Reduce high maintenance costs
September 2010, IT in Manufacturing
Manufacturing companies are trying to reduce maintenance costs by implementing preventative maintenance programs. These programs normally rely on accurate estimates of equipment working hours, typically set at program inception and rarely updated there-after.
So what is the problem?
This maintenance methodology typically reduces the instances of unexpected equipment breakdown and can prevent considerable production losses. Companies that have effectively implemented this methodology have realised improved equipment availability and reduced breakdowns. They do however have a problem in balancing necessary and unnecessary maintenance efforts.
The problem with schedule-based maintenance is that equipment may be serviced either unnecessarily or too late to prevent equipment failure. One way to ensure that equipment is only serviced when required is to measure actual operating hours and to send the data to the planned maintenance system when maintenance is due. This will ensure that the equipment is maintained only when the defined operating hours have been reached. This method works well when the defined operating hours correspond with the health of the equipment. For instance, when a pump is pumping non-corrosive fluids, it may last longer than the manufacturer’s recommended running hours, but when it is pumping more corrosive fluids it may not last for the total hours before breaking down.
Another way would be to implement dedicated equipment health monitoring instrumentation like vibration measurement. These tools work well and can identify when a piece of equipment is not healthy. Tools like this typically consist of a combination of software and specialised dedicated instruments installed on equipment. Due to the expense of these solutions, they are normally only implemented on critical pieces of equipment, but they add great value.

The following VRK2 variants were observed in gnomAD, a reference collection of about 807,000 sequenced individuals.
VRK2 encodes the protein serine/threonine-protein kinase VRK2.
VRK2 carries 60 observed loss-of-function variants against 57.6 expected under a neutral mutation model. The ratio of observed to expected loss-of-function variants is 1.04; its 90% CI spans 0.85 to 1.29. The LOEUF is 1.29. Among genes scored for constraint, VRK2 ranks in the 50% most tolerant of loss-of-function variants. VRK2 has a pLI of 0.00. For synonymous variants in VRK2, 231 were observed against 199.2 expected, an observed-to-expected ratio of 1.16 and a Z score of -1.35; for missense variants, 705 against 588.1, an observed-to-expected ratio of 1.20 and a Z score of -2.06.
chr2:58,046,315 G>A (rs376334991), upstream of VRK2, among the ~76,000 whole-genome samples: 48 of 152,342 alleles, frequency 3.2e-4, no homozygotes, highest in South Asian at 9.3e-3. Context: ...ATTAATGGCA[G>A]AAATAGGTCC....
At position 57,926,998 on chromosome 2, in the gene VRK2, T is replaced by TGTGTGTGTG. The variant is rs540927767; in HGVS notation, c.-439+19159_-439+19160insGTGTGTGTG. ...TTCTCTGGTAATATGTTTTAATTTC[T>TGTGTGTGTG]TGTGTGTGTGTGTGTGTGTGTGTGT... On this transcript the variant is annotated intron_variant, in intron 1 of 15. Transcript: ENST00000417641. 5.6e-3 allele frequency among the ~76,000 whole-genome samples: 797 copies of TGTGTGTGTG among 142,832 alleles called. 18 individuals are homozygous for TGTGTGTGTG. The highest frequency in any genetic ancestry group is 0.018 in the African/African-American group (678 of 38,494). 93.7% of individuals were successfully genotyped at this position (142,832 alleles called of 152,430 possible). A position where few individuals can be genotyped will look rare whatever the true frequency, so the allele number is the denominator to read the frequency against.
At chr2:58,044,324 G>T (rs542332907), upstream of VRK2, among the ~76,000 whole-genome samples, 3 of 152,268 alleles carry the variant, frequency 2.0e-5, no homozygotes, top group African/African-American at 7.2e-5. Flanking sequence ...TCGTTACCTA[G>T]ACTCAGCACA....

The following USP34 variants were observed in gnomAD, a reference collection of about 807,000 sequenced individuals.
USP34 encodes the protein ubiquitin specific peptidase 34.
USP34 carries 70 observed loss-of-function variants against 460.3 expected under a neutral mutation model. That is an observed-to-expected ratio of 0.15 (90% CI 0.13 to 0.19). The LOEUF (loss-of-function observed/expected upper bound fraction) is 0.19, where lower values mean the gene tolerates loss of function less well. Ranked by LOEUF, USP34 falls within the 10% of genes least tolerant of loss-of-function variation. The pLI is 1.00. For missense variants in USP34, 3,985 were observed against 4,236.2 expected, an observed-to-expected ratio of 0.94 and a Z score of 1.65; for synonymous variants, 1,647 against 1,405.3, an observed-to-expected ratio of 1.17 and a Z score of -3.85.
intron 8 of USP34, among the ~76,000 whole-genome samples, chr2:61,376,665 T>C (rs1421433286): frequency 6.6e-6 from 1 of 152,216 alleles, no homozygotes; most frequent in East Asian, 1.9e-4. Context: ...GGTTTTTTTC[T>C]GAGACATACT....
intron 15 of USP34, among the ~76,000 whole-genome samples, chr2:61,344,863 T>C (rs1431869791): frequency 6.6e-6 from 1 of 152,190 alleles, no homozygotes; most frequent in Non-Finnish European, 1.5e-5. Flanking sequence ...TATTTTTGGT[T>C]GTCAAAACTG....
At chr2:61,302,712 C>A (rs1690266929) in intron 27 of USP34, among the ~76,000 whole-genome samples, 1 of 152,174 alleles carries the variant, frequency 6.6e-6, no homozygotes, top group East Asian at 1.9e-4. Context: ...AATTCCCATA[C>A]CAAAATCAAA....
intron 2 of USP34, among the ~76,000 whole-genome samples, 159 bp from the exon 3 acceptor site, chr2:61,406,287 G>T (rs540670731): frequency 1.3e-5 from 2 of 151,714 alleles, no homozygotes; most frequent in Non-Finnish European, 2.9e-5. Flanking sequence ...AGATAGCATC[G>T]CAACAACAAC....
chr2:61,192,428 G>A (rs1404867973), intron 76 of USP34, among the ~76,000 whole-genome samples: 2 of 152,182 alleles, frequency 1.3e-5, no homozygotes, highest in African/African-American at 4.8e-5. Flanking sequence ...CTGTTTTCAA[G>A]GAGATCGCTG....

Most of the above technologies are applied to individual pieces of equipment, which may be pieces of a larger system. This makes it even more difficult to maintain schedules, as taking a component off-line for maintenance may also shut down a major system like a furnace or boiler. Due to the number of equipment components that make up a system, it is difficult to determine if the system is healthy. Only highly experienced engineers are able to identify equipment health using variables from the individual components to form a mental picture of the system health.
In addition to potential unplanned breakdowns, unhealthy equipment or systems also affect equipment performance and efficiency. Unhealthy systems use more energy, waste more materials and can result in substantial product losses.
Equipment health models
What is needed to assist companies is a tool that will not only identify unhealthy equipment before it breaks down, but that can also delay maintenance when equipment is still healthy and can continue operating. If this can be done without installing any dedicated or specialised instrumentation, so much the better.